Association Between Quality of Life and Procedural Outcome After Catheter Ablation for Atrial Fibrillation: A Secondary Analysis of a Randomized Clinical Trial.
Terricabras M., Mantovan R., Jiang C-Y., Betts TR., Chen J., Deisenhofer I., Macle L., Morillo CA., Haverkamp W., Weerasooriya R., Albenque J-P., Nardi S., Menardi E., Novak P., Sanders P., Verma A., Substrate and Trigger Ablation for Reduction of Atrial Fibrillation Trial–Part II (STAR AF II) Investigators None.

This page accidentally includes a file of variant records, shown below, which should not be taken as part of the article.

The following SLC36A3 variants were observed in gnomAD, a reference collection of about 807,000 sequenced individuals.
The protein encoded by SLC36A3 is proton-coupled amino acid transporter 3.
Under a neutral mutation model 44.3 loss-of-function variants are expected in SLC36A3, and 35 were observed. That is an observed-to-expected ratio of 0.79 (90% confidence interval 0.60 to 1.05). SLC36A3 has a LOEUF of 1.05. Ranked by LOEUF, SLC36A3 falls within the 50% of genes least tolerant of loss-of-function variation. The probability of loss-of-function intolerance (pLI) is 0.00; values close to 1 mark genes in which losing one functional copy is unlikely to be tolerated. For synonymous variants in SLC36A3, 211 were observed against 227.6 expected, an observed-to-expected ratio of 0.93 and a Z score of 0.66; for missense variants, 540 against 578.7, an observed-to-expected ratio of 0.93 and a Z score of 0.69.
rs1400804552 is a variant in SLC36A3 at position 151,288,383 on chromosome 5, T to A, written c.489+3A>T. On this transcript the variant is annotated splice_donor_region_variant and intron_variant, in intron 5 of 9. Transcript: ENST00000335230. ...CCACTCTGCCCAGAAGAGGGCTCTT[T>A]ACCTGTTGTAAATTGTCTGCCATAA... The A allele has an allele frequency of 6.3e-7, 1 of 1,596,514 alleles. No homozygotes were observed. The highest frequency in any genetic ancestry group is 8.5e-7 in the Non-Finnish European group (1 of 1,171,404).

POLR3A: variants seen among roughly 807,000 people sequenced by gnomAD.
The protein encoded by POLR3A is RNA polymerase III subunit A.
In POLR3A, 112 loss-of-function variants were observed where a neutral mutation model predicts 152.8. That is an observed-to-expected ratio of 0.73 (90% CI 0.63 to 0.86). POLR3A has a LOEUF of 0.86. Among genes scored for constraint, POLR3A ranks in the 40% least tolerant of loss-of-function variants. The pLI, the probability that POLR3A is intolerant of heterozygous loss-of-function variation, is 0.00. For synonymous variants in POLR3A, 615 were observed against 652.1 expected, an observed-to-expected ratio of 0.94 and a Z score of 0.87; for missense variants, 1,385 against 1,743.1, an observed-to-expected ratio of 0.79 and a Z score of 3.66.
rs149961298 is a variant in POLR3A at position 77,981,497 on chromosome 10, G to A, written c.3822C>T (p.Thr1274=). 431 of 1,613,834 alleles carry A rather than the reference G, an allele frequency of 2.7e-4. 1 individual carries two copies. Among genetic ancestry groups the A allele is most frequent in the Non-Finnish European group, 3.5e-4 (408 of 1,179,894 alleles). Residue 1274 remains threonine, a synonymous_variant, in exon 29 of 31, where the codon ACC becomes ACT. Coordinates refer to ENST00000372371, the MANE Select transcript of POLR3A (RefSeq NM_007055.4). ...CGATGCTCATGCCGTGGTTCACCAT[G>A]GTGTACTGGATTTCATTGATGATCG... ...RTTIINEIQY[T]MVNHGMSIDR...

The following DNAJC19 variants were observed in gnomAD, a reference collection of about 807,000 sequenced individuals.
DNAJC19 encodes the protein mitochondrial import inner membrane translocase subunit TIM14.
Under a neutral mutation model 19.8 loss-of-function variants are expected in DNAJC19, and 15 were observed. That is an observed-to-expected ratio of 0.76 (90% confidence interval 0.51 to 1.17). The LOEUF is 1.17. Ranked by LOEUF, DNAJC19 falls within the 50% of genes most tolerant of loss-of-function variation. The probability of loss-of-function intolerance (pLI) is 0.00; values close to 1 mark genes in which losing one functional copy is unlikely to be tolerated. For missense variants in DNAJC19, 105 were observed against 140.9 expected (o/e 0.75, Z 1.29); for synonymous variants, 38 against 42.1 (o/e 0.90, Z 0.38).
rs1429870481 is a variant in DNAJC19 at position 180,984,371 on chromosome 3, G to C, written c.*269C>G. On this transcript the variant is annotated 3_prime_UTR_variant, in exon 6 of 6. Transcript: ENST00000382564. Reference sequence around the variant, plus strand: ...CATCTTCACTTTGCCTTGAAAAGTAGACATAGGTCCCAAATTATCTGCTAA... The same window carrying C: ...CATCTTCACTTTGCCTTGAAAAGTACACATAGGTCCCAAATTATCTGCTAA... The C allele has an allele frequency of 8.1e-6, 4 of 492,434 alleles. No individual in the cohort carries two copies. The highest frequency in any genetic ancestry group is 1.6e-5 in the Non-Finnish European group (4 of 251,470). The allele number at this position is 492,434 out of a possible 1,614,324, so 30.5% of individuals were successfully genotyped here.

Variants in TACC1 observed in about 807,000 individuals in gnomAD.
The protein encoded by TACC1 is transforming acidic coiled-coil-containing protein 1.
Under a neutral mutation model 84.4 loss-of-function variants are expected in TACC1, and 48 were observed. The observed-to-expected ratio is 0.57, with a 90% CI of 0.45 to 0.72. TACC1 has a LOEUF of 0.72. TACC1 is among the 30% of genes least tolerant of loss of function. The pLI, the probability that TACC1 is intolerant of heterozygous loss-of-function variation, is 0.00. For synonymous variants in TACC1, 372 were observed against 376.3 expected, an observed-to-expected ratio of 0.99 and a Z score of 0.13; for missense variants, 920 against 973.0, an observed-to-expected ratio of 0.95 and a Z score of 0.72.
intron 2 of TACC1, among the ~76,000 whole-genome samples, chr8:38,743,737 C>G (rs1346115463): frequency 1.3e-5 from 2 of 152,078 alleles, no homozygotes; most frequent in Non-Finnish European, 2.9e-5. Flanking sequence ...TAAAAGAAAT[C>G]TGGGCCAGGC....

IMPORTANCE: Catheter ablation is effective in reducing atrial fibrillation (AF), but the association of ablation for AF with quality of life is unclear. OBJECTIVE: To evaluate whether the procedural outcome of ablation for AF is associated with quality of life (QOL) measures. DESIGN, SETTING, AND PARTICIPANTS: This was a prespecified secondary analysis of the Substrate and Trigger Ablation for Reduction of Atrial Fibrillation-Part II (STAR AF II) prospective randomized clinical trial, which compared 3 strategies for ablation of persistent AF. This analysis included 549 of the 589 patients enrolled in the trial who underwent ablation. Enrollment occurred at 35 centers in Europe, Canada, Australia, China, and Korea from November 2010 to July 2012. Data for the current study were analyzed on December 11, 2019. INTERVENTIONS: Patients underwent AF ablation with 1 of 3 ablation strategies: (1) pulmonary vein isolation (PVI), (2) PVI plus complex fractionated electrograms, or (3) PVI plus linear lesions. MAIN OUTCOMES AND MEASURES: Quality of life was assessed at baseline and at 6, 12, and 18 months after ablation for AF using the 36-Item Short Form Health Survey and the EuroQol Health-Related Quality of Life 5-Dimension 3-Level questionnaire. Scores were also converted to a physical health component score (PCS) and a mental health component score (MCS). Individual AF burden was calculated by the total time with AF from Holter monitors and the percentage of transtelephonic monitor recordings showing AF. RESULTS: Among the 549 patients included in this secondary analysis, QOL was assessed in 466 (85%) at baseline and at 6, 12, and 18 months after ablation for AF. The mean (SD) age of the study population was 60 (9) years; 434 (79%) individuals were men, and 417 (76%) had continuous AF for 6 months or more before ablation. The AF burden significantly decreased from a mean (SD) of 82% (36%) before ablation to 6.6% (23%) after ablation (P